Thursday, November 19, 2009

Blogging and Bureaus

When working as part of team, one of the best things to establish early on is delegation. Delegating power to individuals is a reassuring step towards getting the job done. Before delegation, though, must come at least a basic understanding of the individuals on your team. Not only does an understanding of your teammates help delegate responsibility effectively, but it also helps to meet deadlines. If Amy is more relational and flourishes around people, will she be able to stay in an office, collecting quotes and organizing them by a deadline? She may be able to, but if the more informational part of reporting stresses Amy out, there’s a chance that she might not meet her deadline or produce a well-developed article.

When working as a Bureau reporter, it was hard for me to work under a short deadline without a basic understanding of my team. We were only able to produce an outline of our article and we wasted valuable time trying to figure out who was doing what job.

However, I do realize that in the future there may be many instances where I am thrown into a group of individuals whom I am unfamiliar with, similar to this experience. For that I would stress the characteristics of adaptability, creativity, and the ability to work under pressure. This assignment reminded me that journalism is a field where you have to be especially quick on your feet. You are communicating what you believe to be useful information to the public under strict deadlines, and a lot of that work depends on other people.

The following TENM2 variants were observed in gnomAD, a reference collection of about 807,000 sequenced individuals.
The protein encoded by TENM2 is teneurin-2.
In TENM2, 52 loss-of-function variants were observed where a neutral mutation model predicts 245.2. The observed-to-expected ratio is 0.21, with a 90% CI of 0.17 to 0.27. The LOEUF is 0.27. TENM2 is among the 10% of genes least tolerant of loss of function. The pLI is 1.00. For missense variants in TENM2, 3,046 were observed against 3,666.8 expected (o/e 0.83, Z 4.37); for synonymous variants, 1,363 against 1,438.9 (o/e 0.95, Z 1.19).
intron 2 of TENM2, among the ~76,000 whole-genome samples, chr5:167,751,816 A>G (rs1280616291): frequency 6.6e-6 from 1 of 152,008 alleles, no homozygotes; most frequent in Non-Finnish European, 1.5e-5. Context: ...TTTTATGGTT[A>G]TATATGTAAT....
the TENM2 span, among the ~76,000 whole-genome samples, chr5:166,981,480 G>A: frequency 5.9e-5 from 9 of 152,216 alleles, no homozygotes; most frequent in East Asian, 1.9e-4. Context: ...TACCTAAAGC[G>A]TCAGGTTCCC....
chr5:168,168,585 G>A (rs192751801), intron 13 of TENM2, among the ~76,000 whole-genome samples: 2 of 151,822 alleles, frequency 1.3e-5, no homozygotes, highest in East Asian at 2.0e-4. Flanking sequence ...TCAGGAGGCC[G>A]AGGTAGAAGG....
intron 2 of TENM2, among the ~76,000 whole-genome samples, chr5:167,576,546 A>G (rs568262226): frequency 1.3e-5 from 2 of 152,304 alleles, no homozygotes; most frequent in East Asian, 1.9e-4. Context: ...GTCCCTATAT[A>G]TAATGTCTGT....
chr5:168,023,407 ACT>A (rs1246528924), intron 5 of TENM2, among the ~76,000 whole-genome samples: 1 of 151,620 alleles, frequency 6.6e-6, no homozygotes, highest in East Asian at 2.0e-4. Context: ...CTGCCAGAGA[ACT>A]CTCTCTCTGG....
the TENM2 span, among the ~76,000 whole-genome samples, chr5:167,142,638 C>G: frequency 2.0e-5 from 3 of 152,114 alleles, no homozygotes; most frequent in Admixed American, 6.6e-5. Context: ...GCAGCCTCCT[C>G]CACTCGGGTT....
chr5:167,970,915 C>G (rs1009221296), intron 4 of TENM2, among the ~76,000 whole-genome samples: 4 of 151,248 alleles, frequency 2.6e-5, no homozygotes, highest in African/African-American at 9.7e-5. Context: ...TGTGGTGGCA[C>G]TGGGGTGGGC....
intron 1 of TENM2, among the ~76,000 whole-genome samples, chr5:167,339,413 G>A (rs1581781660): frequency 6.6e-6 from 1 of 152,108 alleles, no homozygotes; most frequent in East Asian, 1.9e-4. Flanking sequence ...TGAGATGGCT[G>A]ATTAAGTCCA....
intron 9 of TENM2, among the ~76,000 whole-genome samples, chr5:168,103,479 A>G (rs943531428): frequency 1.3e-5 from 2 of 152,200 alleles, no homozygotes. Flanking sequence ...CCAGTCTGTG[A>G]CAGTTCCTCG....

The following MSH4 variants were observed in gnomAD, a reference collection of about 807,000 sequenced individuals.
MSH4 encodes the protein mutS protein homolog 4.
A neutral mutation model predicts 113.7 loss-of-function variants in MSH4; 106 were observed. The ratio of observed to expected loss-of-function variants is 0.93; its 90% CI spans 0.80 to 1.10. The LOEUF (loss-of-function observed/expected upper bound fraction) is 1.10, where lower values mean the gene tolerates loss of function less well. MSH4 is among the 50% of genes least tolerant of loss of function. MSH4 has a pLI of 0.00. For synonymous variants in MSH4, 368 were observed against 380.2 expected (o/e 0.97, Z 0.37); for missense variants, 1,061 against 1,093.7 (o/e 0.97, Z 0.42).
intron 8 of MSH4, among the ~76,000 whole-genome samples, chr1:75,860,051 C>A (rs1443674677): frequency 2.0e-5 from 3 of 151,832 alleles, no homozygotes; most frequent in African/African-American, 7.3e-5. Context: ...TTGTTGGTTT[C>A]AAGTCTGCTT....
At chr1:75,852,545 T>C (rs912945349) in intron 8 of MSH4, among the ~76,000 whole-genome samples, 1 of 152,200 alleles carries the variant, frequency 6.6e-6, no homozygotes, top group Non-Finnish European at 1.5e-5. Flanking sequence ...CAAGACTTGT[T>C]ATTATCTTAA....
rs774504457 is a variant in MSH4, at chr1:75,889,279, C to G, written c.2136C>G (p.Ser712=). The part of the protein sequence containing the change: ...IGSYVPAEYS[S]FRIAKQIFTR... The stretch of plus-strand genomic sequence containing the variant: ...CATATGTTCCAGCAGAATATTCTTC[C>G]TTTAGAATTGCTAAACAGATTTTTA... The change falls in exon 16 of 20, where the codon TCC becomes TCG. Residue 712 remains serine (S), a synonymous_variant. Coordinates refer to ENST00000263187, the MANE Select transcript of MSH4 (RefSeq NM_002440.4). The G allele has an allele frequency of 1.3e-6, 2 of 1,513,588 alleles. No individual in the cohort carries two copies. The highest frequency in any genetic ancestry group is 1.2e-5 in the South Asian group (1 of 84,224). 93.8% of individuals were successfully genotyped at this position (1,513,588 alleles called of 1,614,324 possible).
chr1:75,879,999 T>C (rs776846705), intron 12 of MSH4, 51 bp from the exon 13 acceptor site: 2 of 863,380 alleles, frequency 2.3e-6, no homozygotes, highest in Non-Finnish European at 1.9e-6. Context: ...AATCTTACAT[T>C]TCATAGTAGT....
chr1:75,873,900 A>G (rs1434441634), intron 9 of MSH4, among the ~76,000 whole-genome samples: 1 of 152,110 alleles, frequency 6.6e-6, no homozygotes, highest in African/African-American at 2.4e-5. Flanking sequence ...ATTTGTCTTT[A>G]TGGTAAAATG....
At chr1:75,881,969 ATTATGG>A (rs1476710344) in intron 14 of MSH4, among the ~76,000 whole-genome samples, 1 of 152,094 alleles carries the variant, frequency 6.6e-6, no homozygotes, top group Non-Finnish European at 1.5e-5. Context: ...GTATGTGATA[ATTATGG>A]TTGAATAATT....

When interviewing students that commute to Biola University, two other reporters and myself happened to interview two individuals that are employed by Biola University to make commuter students feel in community with a) students who live on campus and b) other commuter students. These interviews weren’t planned beforehand. There is a possibility that we could’ve walked into the Collegium at a wrong time, during a commuter event or even when commuters were rushing to class, with no time for an interview. If we were given an unfavorable circumstance, could we have as a team pulled together to get a little more creative?

Our team was seeking to peek into the commuter life, and this required that we asked a few questions about finances. While some people may find this uncomfortable, it largely depends on how you approach the interview. I have heard many students in class talk about their experiences with people who just didn’t want to talk about certain topics. I would venture to ask the students how they are approached the individuals that they interviewed. A reporter can present an initially uncomfortable question in and inviting way that gently urges an individual to respond comfortably and honestly.

As far as blogging and Bureau reporting goes, I feel that the blogosphere allows individuals more leniency with deadlines, seeing as though most blogs aren’t like newspapers, with a structure of deadlines that the public is aware of.

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